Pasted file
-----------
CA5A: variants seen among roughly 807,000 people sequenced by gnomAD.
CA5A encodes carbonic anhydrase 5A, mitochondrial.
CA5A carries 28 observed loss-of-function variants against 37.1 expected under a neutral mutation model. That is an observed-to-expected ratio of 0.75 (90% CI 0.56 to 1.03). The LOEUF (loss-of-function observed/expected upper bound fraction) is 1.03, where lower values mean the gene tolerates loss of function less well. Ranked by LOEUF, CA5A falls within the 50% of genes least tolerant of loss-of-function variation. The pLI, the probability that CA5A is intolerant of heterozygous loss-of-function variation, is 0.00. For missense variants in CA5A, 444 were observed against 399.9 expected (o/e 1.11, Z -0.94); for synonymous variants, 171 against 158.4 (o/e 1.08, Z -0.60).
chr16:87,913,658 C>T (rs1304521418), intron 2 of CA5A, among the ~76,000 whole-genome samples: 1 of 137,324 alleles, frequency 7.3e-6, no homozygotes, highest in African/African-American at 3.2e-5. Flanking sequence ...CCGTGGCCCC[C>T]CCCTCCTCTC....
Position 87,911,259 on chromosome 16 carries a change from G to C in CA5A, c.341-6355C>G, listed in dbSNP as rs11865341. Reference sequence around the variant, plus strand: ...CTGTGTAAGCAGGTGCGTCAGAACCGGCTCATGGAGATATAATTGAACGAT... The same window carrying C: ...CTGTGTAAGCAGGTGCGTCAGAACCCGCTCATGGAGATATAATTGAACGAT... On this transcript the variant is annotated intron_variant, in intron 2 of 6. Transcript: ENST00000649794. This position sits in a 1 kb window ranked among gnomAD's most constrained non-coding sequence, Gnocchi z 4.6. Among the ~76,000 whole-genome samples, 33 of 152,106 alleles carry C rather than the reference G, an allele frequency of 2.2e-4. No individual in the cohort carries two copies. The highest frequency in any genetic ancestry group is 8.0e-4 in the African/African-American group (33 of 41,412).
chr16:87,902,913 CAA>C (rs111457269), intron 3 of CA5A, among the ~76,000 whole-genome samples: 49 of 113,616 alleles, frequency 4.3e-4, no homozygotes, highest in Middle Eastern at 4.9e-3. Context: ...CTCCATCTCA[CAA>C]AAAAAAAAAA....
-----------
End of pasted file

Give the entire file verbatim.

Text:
CA5A: variants seen among roughly 807,000 people sequenced by gnomAD.
CA5A encodes carbonic anhydrase 5A, mitochondrial.
CA5A carries 28 observed loss-of-function variants against 37.1 expected under a neutral mutation model. That is an observed-to-expected ratio of 0.75 (90% CI 0.56 to 1.03). The LOEUF (loss-of-function observed/expected upper bound fraction) is 1.03, where lower values mean the gene tolerates loss of function less well. Ranked by LOEUF, CA5A falls within the 50% of genes least tolerant of loss-of-function variation. The pLI, the probability that CA5A is intolerant of heterozygous loss-of-function variation, is 0.00. For missense variants in CA5A, 444 were observed against 399.9 expected (o/e 1.11, Z -0.94); for synonymous variants, 171 against 158.4 (o/e 1.08, Z -0.60).
chr16:87,913,658 C>T (rs1304521418), intron 2 of CA5A, among the ~76,000 whole-genome samples: 1 of 137,324 alleles, frequency 7.3e-6, no homozygotes, highest in African/African-American at 3.2e-5. Flanking sequence ...CCGTGGCCCC[C>T]CCCTCCTCTC....
Position 87,911,259 on chromosome 16 carries a change from G to C in CA5A, c.341-6355C>G, listed in dbSNP as rs11865341. Reference sequence around the variant, plus strand: ...CTGTGTAAGCAGGTGCGTCAGAACCGGCTCATGGAGATATAATTGAACGAT... The same window carrying C: ...CTGTGTAAGCAGGTGCGTCAGAACCCGCTCATGGAGATATAATTGAACGAT... On this transcript the variant is annotated intron_variant, in intron 2 of 6. Transcript: ENST00000649794. This position sits in a 1 kb window ranked among gnomAD's most constrained non-coding sequence, Gnocchi z 4.6. Among the ~76,000 whole-genome samples, 33 of 152,106 alleles carry C rather than the reference G, an allele frequency of 2.2e-4. No individual in the cohort carries two copies. The highest frequency in any genetic ancestry group is 8.0e-4 in the African/African-American group (33 of 41,412).
chr16:87,902,913 CAA>C (rs111457269), intron 3 of CA5A, among the ~76,000 whole-genome samples: 49 of 113,616 alleles, frequency 4.3e-4, no homozygotes, highest in Middle Eastern at 4.9e-3. Context: ...CTCCATCTCA[CAA>C]AAAAAAAAAA....